“Those who walk during the day do not stumble because they see the light of this world. But those who walk at night stumble, because the light is not in them.” -Jesus (John 11)
The disciples were afraid of being killed, worried that Jesus would be jailed or killed, if they went back close to Jerusalem to visit Lazarus and his family. Jesus told them that the day has 12 hours, and one should walk during those hours, not at night. Once again, Jesus is pointing to another reality. A picture of something else. He speaks of light and not stumbling, and that makes sense to them and to us. A reasonable proverb. If you walk during the day, you do not trip; a very important thing in a time before electric lights and steel toed boots. But Jesus means that that there is a reality like the light. And there is a stumbling that is apart from hitting your toe on a rock.
What is this reality? The disciples are afraid of stumbling. They know there is darkness in Judea. But Jesus, as he has explained repeatedly, is in fact the light of the world. Where he goes there is no darkness. So it matters not whether there is war, or peace, or danger, or risk, or disease, or even death. All of those things are immediately tamed because they are like stumbling in the dark: when there is light, there is no stumbling.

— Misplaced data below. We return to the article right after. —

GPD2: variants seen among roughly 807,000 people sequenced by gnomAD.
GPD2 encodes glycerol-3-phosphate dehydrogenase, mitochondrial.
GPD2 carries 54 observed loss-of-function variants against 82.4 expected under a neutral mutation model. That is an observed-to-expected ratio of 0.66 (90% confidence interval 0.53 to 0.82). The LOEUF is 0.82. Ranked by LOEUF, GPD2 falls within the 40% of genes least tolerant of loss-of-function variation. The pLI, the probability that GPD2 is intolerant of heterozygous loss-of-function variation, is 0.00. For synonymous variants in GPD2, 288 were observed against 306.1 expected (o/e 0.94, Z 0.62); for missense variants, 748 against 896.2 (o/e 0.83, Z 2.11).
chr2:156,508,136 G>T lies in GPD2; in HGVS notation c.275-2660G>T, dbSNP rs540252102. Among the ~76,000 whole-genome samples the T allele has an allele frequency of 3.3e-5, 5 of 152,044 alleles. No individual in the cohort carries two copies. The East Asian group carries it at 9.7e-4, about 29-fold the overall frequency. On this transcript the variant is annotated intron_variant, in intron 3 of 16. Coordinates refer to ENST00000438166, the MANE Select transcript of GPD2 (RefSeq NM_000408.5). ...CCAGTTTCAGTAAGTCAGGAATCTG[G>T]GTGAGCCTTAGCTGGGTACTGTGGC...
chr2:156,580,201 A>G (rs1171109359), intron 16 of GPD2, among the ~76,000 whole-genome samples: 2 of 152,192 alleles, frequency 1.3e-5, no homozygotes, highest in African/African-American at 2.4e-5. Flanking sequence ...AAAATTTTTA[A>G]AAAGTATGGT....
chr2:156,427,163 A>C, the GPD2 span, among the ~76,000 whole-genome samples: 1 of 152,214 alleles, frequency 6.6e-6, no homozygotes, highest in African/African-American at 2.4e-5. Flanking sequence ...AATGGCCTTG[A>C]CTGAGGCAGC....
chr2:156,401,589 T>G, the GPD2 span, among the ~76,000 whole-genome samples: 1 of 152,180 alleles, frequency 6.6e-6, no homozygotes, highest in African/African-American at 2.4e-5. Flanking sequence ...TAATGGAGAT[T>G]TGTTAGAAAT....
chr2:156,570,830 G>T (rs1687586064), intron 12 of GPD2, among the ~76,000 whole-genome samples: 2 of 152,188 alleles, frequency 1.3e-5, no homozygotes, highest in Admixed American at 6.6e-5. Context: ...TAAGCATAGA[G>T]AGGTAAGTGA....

In verse 16, Thomas finally gives in and says “let us go and die with him.” That is the best most of us can do in following Christ: resign ourselves to defeat, to death, to failure. We play the sad martyr and bring ourselves (with some self-righteousness thank you) to a giving up of security and success. But Jesus himself does not ask us to go this way. It is our insistence on holding to this world and closing our ears to Jesus' words that makes us joyless followers. Jesus himself says:
“Lazarus sleeps” - giving hope that he will rise again. A better picture for us of the reality that Jesus can see but we cannot. Jesus sees Lazarus, and all of us, rising again. We, never having seen anyone ever rise again, do not get that picture when the word “death” is mentioned.
“I am glad for your sakes I was not there, that you might believe.” Not that Jesus is a sadist but that Jesus, again, sees the end of things: a risen Lazarus, a woken Lazarus. A joy after the sorrow. A baby born after the pain. Faith birthed. The church begun.
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